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Assessing Learning

Assessing Learning

Introduction

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Developing competence in lifelong learning is essential in enhancing the efficacy with which teachers in the lifelong learning sector impart knowledge and skills to students hence stimulating their professional and lifelong learning (Great Britain 2006). The Further Education and Skills Sector is one of the fundamental components of the UK education sector. Further Education can contribute to improvement in students’ careers (Gravells & Simpson 2010). However, teachers in the lifelong learning sector must ensure that relevant teaching practices are taken into account. Gravells and Simpson (2014) emphasise that ‘the key purpose for being a teacher is to create effective and stimulating opportunities for learning, through high-quality teaching that enables the development and progression of all students (p.4). This assertion underlines the fact that teachers should observe equality in the teaching process.  Thus, the teachers should ensure that the practices adopted enhance learning amongst students in order to strengthen their employability.

One of the practices that teachers in lifelong learning should take into consideration entails assessing the students’ performance. Tummons (2011) affirms that assessment entails testing the students’ progress.  As a teacher specialising in teaching Diploma in Teaching in the Lifelong Learning Sector (DTLLS) Level 5, I am committed to enhancing the employability of students pursuing different vocational courses such as beauty, carpentry, welding, and youth work. Subsequently, I have employed assessment as one of the teaching practices. This report illustrates the application of assessment in enhancing learning amongst students pursuing a course in DTLLS, Level 5.

Analysis

The purpose of assessment in lifelong learning is multifaceted. Tummons (2011) identifies some of the core purposes of assessment to include evaluating whether learning has occurred, determining the student’s or learners’ needs, and encouraging and motivating learners.

Designing effective assessment

To improve the efficacy of assessment in stimulating learning, a comprehensive approach is adopted in designing the assessment program. In designing the assessment program, different stakeholders in the lifelong learning sector such as academic administrators and faculty members are included in designing the assessment program. The engagement of different stakeholders aids in setting broad learning outcomes or goals (Banta, Jones & Black 2009). Integration of learning outcomes in the learning process is critical in ensuring that students are focused on achieving the set targets.  In addition to the above approach, the process of planning or designing an assessment is perceived to be an institution-wide affair. To ensure that the process of assessment is effective in stimulating learning, the expected learning outcomes are used as assessing the minimum core that students are required to achieve.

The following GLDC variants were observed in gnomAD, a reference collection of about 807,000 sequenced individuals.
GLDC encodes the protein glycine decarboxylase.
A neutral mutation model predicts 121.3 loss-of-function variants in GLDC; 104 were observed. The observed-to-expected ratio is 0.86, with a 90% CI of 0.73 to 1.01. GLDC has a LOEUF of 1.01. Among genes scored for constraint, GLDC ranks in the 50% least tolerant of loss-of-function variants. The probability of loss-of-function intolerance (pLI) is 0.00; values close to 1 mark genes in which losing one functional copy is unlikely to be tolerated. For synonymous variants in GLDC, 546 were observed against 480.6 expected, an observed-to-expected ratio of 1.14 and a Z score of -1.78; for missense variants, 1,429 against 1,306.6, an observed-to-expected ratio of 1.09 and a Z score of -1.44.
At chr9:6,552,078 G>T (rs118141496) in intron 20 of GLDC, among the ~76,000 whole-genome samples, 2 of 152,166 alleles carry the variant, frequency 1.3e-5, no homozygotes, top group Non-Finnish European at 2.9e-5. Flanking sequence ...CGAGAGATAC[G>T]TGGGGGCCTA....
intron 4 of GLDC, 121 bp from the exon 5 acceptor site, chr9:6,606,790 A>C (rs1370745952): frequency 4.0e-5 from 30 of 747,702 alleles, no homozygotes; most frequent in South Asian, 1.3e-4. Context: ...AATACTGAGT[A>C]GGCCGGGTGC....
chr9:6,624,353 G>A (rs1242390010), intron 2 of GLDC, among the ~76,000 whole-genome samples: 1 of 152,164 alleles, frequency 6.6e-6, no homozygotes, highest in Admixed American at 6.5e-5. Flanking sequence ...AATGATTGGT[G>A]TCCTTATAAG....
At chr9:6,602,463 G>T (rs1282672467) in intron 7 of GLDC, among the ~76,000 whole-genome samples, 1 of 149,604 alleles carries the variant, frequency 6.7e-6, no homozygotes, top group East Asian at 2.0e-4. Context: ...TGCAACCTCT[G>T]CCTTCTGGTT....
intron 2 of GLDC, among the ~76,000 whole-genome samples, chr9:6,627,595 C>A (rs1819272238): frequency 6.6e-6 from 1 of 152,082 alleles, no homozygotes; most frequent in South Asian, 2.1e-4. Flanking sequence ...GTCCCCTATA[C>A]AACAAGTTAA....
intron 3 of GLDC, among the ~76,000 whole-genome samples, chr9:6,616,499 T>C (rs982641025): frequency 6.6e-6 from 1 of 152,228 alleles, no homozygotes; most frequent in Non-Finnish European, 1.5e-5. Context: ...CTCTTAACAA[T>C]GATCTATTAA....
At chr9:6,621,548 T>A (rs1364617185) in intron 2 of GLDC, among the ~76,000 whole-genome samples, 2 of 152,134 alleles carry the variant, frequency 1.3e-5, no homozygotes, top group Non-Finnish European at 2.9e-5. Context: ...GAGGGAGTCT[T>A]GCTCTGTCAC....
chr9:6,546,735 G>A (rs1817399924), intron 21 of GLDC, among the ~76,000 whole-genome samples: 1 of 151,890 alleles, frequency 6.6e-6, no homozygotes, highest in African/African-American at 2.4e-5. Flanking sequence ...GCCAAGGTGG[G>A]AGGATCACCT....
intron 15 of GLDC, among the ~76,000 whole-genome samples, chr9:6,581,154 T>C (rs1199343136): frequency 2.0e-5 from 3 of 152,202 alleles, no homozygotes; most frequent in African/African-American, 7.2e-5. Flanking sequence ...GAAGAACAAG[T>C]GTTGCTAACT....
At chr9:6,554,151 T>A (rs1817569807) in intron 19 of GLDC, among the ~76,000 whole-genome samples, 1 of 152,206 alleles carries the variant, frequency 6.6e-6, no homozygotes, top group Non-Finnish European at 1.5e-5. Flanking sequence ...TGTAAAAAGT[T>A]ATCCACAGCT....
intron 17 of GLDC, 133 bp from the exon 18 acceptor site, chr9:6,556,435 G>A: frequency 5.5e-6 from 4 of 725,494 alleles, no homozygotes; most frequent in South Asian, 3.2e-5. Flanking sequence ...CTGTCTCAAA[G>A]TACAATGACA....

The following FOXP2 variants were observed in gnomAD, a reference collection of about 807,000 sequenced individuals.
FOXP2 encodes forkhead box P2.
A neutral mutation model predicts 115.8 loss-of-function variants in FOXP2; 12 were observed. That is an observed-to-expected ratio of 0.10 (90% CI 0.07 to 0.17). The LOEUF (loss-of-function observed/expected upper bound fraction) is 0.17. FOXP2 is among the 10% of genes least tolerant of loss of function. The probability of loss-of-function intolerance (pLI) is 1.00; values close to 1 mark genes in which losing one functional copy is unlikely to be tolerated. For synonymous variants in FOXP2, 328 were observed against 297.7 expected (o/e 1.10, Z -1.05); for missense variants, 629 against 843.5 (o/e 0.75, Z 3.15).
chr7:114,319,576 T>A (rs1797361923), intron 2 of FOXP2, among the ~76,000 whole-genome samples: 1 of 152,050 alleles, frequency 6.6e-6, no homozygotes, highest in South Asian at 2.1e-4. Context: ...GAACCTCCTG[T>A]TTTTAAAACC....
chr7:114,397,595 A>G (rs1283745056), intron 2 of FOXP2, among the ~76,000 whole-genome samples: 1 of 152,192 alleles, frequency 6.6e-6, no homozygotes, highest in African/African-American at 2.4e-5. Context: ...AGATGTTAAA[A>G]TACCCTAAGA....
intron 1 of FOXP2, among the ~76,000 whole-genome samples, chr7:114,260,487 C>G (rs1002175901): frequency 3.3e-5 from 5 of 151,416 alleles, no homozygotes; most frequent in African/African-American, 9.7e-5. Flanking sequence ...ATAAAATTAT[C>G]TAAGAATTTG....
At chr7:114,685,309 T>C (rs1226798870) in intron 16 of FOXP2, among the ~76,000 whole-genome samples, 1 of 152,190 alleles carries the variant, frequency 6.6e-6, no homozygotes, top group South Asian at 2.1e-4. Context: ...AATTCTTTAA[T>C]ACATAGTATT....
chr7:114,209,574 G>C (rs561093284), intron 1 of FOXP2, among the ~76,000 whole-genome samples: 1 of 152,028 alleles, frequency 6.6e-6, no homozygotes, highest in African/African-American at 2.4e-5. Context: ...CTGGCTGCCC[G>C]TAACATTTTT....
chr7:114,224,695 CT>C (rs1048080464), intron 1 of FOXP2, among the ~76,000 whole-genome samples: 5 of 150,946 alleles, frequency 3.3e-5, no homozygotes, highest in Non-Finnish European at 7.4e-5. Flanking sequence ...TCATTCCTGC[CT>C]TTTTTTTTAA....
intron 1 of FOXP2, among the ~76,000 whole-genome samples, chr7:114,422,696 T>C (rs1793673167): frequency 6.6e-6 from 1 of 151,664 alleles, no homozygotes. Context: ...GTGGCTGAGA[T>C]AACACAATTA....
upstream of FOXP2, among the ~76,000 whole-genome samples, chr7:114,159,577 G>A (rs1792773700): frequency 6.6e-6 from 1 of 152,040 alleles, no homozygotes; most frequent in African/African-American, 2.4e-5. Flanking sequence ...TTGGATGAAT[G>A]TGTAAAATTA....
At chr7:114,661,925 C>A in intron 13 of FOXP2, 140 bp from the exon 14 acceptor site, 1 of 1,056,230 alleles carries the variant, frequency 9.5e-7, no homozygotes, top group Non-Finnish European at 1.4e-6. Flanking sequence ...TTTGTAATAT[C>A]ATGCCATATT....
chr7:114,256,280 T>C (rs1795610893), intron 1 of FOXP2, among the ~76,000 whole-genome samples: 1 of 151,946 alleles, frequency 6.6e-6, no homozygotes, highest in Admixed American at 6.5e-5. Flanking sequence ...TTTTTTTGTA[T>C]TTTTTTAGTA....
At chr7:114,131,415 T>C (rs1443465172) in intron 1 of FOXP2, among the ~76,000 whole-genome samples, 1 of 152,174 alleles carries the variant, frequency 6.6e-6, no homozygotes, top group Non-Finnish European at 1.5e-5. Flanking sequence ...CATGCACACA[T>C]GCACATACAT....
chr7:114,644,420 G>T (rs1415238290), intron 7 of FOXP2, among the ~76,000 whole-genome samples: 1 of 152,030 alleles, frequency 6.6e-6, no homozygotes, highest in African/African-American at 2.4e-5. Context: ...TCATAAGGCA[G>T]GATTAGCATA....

The minimum core elements are evaluated by entrenching practical tasks in the learning process. Therefore, by integrating practical tasks into the teaching process, the teaching and assessment processes successfully entrench the constructivism theory, which is based on the concept of learning by doing (Ollin & Tucker 2012).  Amongst the minimum core elements that students have assessed on include literacy, communication, and numeracy. Integration of these minimum cores is critical in preparing students to be effective in dealing with the real-life situation.

Peer and self-assessment

To enhance learning, different methods of assessment that include peer and self-assessment are applied. Brown, Bull, and Pendlebury (2013) and Jarvela (2011) affirm that peer and self-assessment methods entail providing learners an opportunity to make judgement regarding their own work and that of their colleagues. The applicability of peer and self-assessment methods in assessing learning amongst students emanates from their relevance in examining the extent to which students undertaking different vocational courses learn. Peer and self-assessment methods provide an opportunity for collaboration between the teacher, individual students, and groups of students. One of the self-assessment activities applied entails learning logs or journals in which students are instructed to document their learning experience with regard to DTLLS level 5.

The rationale for integrating the learning logs is to provide students with an opportunity to identify learning gaps. The learning logs play a fundamental role in assessing the student’s capability in applying the vocational skills trained (Brown, Bull & Pendlebury 2013). Thus, peer and self-assessment methods of assessment are both summative and formative learning approaches. Through the integration of self-assessment, it is possible to understand the student’s individual learning needs.

Peer assessment in the learning process is enhanced through the incorporation of practical activities during the training program. For example, students undertaking a course in beauty therapy are provided an opportunity to apply the skills learned in real-life situations in through group-based activities. Students in other groups are subsequently provided an opportunity to evaluate their performance. By incorporating practical activities in the learning process, I have succeeded in enhancing formative learning. Tummons (2011) is of the view that ‘peer and self-assessment are effective in preparing students for real-life situations in the workplace’ (p. 31).  For example, the students may be requested to provide feedback regarding the performance of their colleagues, which is not only encouraging but also motivating (Tummons 2011).